When you sell a vehicle for which the loan is paid off and you have the title, you can generally just sign the title over to the buyer in exchange for the agreed selling price. But when there is a loan balance outstanding on the vehicle, the lender has a lien on the vehicle and you will not be able to sell it until the loan balance has been paid off and the lien is released.
Depending on the amount of the outstanding loan balance, you may be able to pay if off, obtain the title, and then sell the vehicle. You can call the bank or credit union where you financed the car to find out the exact balance owed. As pointed out on cars.com if you decide to pay off the loan before you sell the car, you should get a lien release from the lending institution, indicating that there is no outstanding loan obligation. Once the loan is paid off, the bank or credit union will generally send you the original title.
If you prefer not to use money from your savings or other sources to pay off the loan first, or if you need the proceeds from the sale in order to pay off the loan on the vehicle, you will need to make arrangements with the lender and the buyer.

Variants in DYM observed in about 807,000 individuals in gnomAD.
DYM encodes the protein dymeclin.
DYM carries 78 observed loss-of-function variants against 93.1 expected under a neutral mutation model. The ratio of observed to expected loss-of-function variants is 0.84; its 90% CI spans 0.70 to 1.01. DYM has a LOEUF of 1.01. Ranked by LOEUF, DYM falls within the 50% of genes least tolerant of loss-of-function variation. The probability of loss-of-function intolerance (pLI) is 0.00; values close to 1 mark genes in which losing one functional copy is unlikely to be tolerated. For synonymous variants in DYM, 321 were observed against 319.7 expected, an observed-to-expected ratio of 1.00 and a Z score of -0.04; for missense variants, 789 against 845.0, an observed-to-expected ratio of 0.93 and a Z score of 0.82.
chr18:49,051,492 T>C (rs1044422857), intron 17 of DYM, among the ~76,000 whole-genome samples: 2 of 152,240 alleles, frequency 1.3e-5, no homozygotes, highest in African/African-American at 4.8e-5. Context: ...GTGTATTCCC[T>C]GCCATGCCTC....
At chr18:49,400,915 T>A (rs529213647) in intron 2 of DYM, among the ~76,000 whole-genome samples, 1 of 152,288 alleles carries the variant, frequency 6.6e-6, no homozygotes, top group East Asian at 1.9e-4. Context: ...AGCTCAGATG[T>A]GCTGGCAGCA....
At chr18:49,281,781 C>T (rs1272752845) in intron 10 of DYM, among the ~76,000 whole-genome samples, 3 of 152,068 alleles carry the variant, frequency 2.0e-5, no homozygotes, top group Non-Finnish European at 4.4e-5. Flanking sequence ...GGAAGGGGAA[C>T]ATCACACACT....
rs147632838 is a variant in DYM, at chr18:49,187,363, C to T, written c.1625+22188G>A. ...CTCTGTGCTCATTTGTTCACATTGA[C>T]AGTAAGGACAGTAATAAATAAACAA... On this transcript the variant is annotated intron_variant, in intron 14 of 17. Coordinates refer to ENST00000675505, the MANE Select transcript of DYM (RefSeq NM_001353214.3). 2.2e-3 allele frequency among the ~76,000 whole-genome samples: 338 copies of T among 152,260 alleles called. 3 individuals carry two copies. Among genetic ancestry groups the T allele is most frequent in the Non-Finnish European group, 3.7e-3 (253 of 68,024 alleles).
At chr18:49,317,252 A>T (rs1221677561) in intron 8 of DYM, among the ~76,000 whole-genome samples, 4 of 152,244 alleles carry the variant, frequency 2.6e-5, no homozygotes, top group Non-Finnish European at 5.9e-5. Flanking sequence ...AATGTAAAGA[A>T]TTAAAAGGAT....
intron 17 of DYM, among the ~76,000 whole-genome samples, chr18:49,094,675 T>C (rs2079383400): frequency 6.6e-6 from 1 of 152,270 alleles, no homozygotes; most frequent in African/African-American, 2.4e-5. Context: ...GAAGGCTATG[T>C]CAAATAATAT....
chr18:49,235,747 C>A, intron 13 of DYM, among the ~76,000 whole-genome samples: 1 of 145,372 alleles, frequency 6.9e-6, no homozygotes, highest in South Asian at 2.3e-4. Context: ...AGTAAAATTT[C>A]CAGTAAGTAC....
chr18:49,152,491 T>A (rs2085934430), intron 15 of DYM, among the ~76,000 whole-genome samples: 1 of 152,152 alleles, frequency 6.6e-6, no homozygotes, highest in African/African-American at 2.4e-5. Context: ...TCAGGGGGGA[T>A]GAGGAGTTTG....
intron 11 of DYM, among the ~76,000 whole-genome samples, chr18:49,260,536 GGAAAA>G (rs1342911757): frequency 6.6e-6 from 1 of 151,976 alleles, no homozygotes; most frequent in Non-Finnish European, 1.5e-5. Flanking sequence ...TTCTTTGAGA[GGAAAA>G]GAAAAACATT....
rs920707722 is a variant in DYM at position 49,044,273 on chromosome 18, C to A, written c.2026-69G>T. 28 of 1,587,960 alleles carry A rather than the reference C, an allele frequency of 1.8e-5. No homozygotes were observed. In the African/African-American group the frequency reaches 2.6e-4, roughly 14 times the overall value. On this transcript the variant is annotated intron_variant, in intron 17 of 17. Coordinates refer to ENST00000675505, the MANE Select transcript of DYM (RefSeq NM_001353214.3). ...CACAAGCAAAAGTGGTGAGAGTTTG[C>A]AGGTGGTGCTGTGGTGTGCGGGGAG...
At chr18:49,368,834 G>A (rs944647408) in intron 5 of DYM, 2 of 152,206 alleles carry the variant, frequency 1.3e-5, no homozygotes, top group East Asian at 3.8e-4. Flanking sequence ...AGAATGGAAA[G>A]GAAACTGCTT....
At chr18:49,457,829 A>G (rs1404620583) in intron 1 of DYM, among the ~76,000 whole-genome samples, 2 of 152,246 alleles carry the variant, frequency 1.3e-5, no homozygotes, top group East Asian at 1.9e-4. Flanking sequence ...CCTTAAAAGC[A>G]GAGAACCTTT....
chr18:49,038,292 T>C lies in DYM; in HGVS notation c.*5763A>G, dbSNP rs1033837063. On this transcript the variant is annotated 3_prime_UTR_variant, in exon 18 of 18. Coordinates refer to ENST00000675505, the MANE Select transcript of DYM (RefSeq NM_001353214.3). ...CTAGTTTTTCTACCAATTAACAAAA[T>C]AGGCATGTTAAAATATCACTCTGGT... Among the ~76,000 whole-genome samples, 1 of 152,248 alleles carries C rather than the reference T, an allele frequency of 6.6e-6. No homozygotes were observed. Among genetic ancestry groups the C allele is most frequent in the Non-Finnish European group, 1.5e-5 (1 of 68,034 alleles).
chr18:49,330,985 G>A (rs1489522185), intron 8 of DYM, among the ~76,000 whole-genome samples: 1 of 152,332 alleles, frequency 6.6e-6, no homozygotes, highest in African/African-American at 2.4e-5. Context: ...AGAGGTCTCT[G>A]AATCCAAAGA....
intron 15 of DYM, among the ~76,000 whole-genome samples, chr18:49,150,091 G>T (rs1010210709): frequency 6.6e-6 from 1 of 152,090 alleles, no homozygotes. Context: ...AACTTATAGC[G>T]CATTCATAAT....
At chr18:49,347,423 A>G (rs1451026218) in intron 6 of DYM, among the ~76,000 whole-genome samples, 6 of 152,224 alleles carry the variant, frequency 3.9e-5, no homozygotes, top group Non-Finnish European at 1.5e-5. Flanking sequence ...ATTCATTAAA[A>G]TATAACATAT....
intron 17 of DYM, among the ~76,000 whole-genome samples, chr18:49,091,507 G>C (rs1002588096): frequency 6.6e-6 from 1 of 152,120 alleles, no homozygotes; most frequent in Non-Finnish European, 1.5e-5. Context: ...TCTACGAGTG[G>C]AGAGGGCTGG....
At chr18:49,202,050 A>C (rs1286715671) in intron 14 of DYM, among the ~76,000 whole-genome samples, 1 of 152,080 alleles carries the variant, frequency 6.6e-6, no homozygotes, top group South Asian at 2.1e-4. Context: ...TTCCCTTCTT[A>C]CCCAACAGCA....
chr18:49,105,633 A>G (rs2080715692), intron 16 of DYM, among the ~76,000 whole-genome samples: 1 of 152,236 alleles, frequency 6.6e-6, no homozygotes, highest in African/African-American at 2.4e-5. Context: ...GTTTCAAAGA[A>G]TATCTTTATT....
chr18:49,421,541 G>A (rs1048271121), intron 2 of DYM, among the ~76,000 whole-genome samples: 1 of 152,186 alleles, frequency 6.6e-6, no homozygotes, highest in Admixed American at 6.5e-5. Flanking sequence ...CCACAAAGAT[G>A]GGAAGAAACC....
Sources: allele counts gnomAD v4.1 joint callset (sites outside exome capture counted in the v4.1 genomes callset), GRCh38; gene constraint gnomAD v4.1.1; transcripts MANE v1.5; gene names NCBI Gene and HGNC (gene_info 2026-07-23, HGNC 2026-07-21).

As indicated on loans.org, once you have a buyer, you could call the bank or credit union and make arrangements for you and the buyer to meet with a loan officer to complete the transaction. If the lender agrees to facilitate the transaction, you can ask the buyer to meet you at the time and place agreed, with a certified check made out to you and the bank or credit union. The lender would take the check to pay off the outstanding balance on the loan and reimburse you for the difference, assuming the sale price is enough to more than cover the loan.
If it is not possible for you and the buyer to complete the transaction at the lending institution, you can take the bill of sale to the state Department of Motor Vehicles. The Department of Motor Vehicles may have a standard form for this purpose. The buyer will be issued a temporary operating permit and you can send the title as soon as the loan balance is paid off. This method involves trust on the buyer’s part.
When you sell your vehicle you will also need to take of the license plates and car leather seat covers according to the rules in your state. The plates may have to be returned to the Department of Motor Vehicles for credit. In some states such as Florida, you take your license plates with you.
And you should contact your insurance company to remove your coverage from the vehicle you sold. But you should be sure that the vehicle is covered until the title is officially transferred to the buyer, to protect you from any potential liability.